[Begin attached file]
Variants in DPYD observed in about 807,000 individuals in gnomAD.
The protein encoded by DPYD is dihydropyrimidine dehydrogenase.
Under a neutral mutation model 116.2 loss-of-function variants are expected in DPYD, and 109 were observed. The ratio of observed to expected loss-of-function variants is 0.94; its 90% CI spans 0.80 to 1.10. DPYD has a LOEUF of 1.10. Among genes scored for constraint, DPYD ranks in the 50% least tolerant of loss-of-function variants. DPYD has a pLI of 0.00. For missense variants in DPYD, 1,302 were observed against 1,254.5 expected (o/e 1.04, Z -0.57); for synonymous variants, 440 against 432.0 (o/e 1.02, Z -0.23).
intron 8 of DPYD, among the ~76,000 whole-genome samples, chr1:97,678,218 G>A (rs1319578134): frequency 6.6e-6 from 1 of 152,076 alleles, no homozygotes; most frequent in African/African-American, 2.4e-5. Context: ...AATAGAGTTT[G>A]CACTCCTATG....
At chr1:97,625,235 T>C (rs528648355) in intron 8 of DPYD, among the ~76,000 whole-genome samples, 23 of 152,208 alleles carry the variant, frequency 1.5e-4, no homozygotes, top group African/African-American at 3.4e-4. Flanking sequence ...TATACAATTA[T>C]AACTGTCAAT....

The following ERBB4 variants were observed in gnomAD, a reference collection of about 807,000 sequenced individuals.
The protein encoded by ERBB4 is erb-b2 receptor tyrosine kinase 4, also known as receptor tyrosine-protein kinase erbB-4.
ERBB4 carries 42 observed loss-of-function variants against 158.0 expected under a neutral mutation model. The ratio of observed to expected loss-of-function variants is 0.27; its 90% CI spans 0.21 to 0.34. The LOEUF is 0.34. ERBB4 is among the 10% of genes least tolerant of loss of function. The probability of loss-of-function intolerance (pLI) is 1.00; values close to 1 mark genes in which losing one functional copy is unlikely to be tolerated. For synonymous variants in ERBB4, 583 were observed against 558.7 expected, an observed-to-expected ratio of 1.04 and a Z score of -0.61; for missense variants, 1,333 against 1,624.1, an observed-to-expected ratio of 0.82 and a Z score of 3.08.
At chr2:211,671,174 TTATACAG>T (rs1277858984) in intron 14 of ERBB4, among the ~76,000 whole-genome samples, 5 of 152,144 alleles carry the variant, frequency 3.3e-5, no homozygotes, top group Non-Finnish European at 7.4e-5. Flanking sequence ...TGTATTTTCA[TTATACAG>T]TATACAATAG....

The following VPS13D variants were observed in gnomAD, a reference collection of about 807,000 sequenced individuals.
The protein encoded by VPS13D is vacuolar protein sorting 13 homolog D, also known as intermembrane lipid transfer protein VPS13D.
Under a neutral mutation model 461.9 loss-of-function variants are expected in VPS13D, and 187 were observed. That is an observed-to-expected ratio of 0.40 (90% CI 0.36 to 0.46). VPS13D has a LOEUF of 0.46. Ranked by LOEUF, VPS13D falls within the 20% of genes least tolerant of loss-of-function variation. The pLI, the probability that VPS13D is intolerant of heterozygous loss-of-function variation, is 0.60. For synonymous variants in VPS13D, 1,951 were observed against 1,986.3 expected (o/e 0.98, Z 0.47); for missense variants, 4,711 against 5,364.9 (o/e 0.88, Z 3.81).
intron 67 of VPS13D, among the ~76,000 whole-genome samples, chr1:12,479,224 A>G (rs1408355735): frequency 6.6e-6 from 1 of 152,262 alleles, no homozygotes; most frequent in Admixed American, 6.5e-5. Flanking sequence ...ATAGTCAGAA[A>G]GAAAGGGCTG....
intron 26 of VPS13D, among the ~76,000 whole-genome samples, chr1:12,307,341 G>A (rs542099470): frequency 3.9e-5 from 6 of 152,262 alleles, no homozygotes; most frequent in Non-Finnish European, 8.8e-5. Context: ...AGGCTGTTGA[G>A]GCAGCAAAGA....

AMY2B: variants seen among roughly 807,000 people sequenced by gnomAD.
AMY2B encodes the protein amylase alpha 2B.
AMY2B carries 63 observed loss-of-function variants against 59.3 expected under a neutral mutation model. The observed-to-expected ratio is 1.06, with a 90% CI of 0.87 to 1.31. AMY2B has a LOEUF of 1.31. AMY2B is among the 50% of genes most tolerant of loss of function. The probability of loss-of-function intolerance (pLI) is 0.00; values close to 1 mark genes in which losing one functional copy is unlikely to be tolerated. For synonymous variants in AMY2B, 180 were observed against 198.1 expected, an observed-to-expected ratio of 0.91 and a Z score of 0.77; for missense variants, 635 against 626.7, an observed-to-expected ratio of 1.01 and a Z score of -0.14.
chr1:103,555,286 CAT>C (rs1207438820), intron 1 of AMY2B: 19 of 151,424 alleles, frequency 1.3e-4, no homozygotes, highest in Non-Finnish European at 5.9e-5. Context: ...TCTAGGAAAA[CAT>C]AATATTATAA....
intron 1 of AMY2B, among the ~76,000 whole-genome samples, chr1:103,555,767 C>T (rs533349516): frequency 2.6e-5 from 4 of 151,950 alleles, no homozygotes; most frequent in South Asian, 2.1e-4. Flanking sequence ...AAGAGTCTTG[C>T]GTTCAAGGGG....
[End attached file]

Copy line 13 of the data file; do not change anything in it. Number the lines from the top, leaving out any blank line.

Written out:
intron 67 of VPS13D, among the ~76,000 whole-genome samples, chr1:12,479,224 A>G (rs1408355735): frequency 6.6e-6 from 1 of 152,262 alleles, no homozygotes; most frequent in Admixed American, 6.5e-5. Flanking sequence ...ATAGTCAGAA[A>G]GAAAGGGCTG....